It would appear that the lack of knowledge, understanding and structure within schools, or the willingness to develop these, resulted in denial—rather than the level of support required by the child. Some mainstream schools included students with varying disability levels, while other schools did not accommodate children with relatively mild difficulties. In other words, there was a lot of inconsistency across the sector.

Preferred school setting

Of course, it is a mistake to think that all parents prefer a mainstream school for their child; some recognise the benefits of the special education placements in particular cases. In this study, 72% of parents would prefer to place their child in a mainstream school, 24% of whom would prefer a special class. 16% note that a specialist school (ABA) would be their first preference, and almost 9% would choose the special system if all choices were available and resourced. Many parents provided further detail on this question, illustrating their frustration at the limited options available to them:

  • ‘Because of lack of facilities in the west of Ireland we cannot move or live where we want because adequate education is not widely available.’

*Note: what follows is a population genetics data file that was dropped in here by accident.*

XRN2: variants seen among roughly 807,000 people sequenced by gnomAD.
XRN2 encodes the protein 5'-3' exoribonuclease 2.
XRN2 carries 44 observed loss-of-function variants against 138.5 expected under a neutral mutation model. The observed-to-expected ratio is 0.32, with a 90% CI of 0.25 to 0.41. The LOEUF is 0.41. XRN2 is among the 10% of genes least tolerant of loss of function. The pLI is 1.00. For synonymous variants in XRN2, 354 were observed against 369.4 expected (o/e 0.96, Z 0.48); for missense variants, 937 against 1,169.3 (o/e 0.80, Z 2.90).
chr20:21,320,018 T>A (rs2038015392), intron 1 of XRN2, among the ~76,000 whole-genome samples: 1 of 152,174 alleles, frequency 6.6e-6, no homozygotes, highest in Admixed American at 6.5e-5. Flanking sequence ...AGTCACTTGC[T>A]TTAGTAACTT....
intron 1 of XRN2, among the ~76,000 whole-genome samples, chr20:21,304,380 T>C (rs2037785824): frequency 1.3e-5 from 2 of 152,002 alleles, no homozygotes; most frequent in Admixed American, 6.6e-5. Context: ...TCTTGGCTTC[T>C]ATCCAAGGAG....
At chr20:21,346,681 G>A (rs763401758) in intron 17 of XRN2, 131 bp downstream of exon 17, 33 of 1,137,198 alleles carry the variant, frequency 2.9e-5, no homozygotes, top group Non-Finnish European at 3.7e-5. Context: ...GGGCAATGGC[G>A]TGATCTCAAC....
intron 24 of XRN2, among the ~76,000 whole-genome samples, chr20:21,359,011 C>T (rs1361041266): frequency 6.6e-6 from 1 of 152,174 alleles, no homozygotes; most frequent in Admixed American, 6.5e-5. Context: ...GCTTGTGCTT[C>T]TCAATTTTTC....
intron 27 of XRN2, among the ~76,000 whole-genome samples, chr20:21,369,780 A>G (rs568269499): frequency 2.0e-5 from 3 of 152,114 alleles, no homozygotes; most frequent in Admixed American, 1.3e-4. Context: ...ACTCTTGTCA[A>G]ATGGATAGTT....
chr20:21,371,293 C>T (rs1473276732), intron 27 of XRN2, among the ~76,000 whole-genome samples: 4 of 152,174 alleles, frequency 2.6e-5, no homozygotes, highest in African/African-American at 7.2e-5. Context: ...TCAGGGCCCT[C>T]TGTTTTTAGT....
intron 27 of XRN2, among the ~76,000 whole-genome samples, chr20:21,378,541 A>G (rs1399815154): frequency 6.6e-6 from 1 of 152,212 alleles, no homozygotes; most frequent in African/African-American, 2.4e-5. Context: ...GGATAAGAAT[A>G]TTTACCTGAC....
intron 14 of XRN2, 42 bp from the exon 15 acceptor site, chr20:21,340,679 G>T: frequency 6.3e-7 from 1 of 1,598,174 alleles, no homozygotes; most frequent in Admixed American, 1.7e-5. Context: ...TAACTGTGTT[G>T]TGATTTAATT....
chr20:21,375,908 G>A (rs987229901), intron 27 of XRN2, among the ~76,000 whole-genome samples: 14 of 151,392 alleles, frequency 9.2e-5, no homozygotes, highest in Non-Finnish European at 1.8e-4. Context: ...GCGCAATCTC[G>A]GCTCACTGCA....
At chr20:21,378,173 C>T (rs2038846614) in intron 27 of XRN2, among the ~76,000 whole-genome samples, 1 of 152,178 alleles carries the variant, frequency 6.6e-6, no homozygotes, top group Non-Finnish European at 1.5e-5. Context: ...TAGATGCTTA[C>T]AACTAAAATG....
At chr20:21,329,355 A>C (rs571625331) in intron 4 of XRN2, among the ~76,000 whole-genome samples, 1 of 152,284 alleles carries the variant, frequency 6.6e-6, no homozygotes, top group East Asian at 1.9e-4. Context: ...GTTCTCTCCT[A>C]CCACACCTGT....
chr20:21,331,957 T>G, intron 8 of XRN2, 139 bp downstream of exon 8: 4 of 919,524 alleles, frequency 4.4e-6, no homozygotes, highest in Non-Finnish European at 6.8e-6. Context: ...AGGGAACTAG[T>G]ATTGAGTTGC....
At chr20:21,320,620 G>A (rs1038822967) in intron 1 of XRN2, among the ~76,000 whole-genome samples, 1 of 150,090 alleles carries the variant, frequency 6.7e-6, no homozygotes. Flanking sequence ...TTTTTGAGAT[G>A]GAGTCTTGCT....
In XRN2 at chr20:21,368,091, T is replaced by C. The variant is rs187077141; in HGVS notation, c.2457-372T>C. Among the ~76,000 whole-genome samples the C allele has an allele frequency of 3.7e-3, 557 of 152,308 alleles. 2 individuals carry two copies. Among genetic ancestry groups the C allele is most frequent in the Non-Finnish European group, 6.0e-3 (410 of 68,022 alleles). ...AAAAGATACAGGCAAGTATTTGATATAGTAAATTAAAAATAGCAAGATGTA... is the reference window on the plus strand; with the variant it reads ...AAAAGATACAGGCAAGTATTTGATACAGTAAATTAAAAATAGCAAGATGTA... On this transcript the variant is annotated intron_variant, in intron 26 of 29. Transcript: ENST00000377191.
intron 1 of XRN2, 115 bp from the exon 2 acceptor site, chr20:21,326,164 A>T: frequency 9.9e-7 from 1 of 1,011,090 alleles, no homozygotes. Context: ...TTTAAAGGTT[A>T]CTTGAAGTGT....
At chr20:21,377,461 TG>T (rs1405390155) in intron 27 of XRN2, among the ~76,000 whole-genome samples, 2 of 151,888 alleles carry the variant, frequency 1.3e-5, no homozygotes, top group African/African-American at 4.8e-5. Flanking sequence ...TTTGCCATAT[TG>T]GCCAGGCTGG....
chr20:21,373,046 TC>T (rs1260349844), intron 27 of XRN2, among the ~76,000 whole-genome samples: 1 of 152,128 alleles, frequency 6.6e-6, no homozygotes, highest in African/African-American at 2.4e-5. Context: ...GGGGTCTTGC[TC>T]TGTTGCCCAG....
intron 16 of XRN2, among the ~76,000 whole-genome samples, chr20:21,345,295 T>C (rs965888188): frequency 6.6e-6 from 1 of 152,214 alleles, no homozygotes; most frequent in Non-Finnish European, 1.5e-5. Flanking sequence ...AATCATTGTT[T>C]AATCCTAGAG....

• ‘…any setting for (our) child would be only appropriate if it was capable of meeting her assessed needs at (the) time of transfer’
  • ‘opportunity to integrate into mainstream with specially trained (eg. ABA) resource and special needs assistant (not currently available).
Child-centred considerations

Clearly, parents’ preferences are mediated by the child’s impairment. When a child has an ID/DD, making a choice with regards to placement shifts with respect to overall needs. In ranking the most important child-centred considerations, ‘having an individual special needs assistant’ ranked number one (29%); 21% chose an ‘Individual Educational Programme’ as first preference; being ‘with siblings and neighbours’ was most important for 14%. When all preferences, first through fifth, are included ‘social skills development’ ranked highest overall in selection.

The main theme of parent comments was their wish to place their children in a school with a ‘good reputation’, that provides appropriately experienced and qualified teaching staff, who have an understanding of the child’s impairment, and are capable of meeting the child’s needs. Parents further note that a good attitude toward children with a disability, an inclusion ethos, and availability and willingness of staff to discuss the child’s progress with parents, are important. Parent comments included: